The Importance of Specialization in Radiology

February 10, 2011

Many other industries understand the importance of specialization and divesting of service lines in which they do not excel. Why should the practice of radiology be any different? However, while this arrangement is feasible and sustainable in the academic setting it is not clear if the private practice world of radiology is equipped to follow this model.

Doctors at the Shouldice Hospital in Ontario, Canada, offer only one service: hernia repairs. At first glance this seems like a flawed business model, but it may in fact be ideal. 

The recurrence rate of inguinal hernias after a repair performed at Shouldice is 0.5 percent. This figure, based on data collected from more than 300,000 operations, distinguishes Shouldice as the world leader in hernia repairs. Their success has been featured in Harvard Business School (HBS) case studies as “a model of business excellence.” According to HBS, Shouldice is operating as a “focused factory,” a strategy of pursuing a narrow product niche, which has allowed the hospital to achieve efficiencies and expertise that is unparalleled. Leaders at HBS have proposed that this strategy will almost always out perform conventional operations with a broad mission.

Most hospitals in the United States, however, pursue a strategy that offers every service line imaginable, even ones in which they do not excel. I believe radiologists, especially those in private practice, may encounter a similar dilemma.

If you are a frequent reader of this blog you are aware that I am currently pursuing a fellowship in abdominal imaging. During this year-long fellowship I will focus exclusively on abdominal imaging, reading hundreds of abdominal and pelvic scans utilizing all currently available modalities. I will also participate in multidisciplinary conferences that allow me to gauge the accuracy of my findings and tailor my interpretations to best serve my patients and referring providers.

To become a board certified radiologist, I was required to pass the breast imaging section, among others, of the written and oral board examinations and have been deemed qualified to interpret mammograms by the American Board of Radiology. Yet, with only a few months of exposure to mammography (via residency training) and the prospect of being one year removed from reading any mammograms, my confidence to deliver quality care to these patients is rapidly waning.

I know I add the most value to my patients and colleagues when reading studies within my expertise. Anecdotally I know many radiologists feel the same way.

If I choose to join a private practice, I will likely be asked to interpret mammograms. Similarly, those who have completed breast imaging fellowships will be asked to interpret abdominal scans. Familiar with the specialization that takes place within our field, I would certainly insist that my or a loved one’s study be interpreted by a radiologist specializing in that area. Recent publications in the peer reviewed literature support this claim.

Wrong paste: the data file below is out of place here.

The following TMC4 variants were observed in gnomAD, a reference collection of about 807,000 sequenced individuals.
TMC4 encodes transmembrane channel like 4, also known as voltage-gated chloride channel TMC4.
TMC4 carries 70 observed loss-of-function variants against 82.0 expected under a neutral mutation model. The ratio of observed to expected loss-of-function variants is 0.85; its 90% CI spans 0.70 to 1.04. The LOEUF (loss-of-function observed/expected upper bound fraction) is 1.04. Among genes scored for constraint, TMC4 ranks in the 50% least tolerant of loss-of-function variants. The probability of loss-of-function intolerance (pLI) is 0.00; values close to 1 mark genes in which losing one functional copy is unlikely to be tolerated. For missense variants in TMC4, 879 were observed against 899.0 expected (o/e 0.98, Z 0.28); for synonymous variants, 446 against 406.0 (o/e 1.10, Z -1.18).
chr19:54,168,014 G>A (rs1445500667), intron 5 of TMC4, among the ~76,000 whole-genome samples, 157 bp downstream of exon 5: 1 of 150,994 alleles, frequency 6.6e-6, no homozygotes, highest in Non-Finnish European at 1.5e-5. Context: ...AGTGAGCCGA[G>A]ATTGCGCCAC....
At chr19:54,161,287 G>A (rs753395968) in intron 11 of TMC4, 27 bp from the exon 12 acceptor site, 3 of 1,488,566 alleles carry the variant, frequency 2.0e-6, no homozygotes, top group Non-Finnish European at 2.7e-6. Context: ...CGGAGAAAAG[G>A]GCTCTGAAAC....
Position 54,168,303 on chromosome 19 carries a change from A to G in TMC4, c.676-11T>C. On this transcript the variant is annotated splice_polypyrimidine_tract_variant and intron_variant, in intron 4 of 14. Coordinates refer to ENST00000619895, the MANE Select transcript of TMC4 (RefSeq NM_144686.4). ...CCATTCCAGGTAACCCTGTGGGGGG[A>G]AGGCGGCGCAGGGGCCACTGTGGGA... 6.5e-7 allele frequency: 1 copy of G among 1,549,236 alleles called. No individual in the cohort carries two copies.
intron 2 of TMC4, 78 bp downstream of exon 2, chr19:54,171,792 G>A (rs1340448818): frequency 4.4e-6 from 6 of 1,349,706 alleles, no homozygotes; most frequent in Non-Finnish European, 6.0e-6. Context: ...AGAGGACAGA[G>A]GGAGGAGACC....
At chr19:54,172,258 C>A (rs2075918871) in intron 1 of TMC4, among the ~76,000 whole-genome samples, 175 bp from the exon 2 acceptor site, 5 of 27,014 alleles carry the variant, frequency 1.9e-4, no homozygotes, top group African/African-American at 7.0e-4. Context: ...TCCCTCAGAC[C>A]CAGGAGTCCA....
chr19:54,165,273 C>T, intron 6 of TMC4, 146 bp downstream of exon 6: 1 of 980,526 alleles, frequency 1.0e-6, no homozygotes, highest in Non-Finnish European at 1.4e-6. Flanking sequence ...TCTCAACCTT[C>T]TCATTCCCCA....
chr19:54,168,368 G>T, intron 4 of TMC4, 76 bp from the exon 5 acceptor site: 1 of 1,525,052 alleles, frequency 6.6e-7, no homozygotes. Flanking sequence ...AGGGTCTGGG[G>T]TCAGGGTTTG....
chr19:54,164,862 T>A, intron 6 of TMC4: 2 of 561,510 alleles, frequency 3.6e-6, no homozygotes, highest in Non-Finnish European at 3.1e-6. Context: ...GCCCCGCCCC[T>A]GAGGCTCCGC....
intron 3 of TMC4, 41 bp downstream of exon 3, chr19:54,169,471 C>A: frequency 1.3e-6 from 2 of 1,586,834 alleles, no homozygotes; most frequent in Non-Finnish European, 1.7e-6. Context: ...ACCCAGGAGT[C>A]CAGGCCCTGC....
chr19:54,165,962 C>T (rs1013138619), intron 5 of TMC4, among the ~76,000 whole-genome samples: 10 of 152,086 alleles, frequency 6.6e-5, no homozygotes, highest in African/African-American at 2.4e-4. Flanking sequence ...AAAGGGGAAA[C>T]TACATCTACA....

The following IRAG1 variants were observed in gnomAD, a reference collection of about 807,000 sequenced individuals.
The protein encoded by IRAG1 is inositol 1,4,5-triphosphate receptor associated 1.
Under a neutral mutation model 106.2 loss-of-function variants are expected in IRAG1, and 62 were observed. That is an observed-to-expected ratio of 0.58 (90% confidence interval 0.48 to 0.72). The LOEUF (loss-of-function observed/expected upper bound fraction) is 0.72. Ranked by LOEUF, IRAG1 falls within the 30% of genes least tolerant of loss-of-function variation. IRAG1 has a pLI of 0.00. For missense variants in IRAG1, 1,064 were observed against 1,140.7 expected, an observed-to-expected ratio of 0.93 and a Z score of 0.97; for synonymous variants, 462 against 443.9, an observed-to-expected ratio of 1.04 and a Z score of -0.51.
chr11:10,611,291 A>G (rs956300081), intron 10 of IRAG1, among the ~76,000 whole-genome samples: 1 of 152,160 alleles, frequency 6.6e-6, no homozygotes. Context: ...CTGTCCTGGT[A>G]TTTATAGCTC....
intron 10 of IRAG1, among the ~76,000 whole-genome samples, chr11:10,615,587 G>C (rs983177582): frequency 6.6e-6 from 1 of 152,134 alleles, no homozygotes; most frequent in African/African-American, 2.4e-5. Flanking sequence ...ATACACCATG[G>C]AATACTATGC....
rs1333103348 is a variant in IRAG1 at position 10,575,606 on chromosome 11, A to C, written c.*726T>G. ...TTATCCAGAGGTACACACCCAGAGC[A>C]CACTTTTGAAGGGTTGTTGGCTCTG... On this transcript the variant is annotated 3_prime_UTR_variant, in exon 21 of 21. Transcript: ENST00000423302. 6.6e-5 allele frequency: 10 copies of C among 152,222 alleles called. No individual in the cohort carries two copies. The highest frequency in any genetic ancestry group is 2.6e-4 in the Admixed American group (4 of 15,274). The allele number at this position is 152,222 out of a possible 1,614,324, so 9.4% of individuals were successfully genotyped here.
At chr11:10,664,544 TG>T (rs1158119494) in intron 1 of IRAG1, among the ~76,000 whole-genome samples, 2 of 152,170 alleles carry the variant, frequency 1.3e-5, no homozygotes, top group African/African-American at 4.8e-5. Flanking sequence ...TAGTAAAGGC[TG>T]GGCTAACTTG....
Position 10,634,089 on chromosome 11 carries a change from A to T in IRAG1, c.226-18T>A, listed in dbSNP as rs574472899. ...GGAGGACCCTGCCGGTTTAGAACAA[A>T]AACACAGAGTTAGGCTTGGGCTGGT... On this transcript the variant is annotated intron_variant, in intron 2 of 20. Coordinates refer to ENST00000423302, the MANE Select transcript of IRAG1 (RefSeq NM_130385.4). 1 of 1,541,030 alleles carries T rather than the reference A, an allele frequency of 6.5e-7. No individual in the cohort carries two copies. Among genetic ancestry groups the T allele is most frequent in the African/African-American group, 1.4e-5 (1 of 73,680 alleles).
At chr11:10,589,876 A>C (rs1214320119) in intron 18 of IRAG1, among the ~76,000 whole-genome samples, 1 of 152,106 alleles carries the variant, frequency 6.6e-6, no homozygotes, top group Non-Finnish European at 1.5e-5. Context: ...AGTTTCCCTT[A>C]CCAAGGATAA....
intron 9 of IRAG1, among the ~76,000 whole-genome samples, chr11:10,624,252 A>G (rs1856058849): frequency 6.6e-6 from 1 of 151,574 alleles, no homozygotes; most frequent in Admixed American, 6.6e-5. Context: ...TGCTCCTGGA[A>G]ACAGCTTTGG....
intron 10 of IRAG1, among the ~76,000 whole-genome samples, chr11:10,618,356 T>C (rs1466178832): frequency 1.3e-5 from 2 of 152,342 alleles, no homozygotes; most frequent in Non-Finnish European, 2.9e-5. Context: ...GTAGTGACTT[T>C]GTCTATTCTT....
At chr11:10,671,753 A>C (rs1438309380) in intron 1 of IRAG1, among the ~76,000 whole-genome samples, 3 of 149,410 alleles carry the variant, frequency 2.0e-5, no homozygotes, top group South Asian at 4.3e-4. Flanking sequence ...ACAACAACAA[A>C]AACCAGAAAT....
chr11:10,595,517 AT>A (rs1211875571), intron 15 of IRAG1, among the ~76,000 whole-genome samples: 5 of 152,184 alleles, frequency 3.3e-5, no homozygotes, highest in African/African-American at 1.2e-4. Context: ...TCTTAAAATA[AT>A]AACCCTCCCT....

The Breast Cancer Surveillance Consortium (BSCS) study entitled “Variability in interpretive performance at screening mammography and radiologists' characteristics associated with accuracy,” found that the only characteristic associated with improved accuracy and sensitivity in interpreting mammograms was fellowship training in breast imaging1. Moreover, the BSCS has concluded from their prior work that fellowship-trained breast imagers entered clinical practice with no learning curve as opposed to non-fellowship-trained radiologists who gained significant clinical experience interpreting mammograms during the first three years after residency2. I am confident that a study evaluating other subspecialists in radiology would come to similar conclusions.

A radiologist who lacks fellowship training is not deficient in the knowledge or skill set needed to interpret a wide variety of studies, but there is greater value in a fellowship-trained radiologist who specializes in one field. As an abdominal imager, for example, I have a better understanding of when a liver lesion should undergo percutaneous sampling and when an additional imaging exam may obviate a biopsy. Breast imagers possess similar knowledge of their field and can better guide the care of patients with breast pathology.

Many other industries understand the importance of specialization and divesting of service lines in which they do not excel. It’s the reason that Lexus, in their “relentless pursuit of perfection,” does not make computers or budget automobiles, but rather focuses on luxury cars. Why should the practice of radiology be any different? However, while this arrangement is feasible and sustainable in the academic setting it is not clear if the private practice world of radiology is equipped to follow this model.

1 Elmore JG, Jackson SL, Abraham L, Miglioretti DL, Carney PA, Geller BM, Yankaskas BC, Kerlikowske K, Onega T, Rosenberg RD, Sickles EA, Buist DS. Variability in interpretive performance at screening mammography and radiologists' characteristics associated with accuracy. Radiology. 2009 Dec;253(3):641-51. Epub 2009 Oct 28.

2 Diana L. Miglioretti, Charlotte C. Gard, Patricia A. Carney, Tracy L. Onega, Diana S. M. Buist, Edward A. Sickles, Karla Kerlikowske, Robert D. Rosenberg, Bonnie C. Yankaskas, Berta M. Geller, and Joann G. Elmore. When Radiologists Perform Best: The Learning Curve in Screening Mammogram Interpretation Radiology December 2009 253:632-640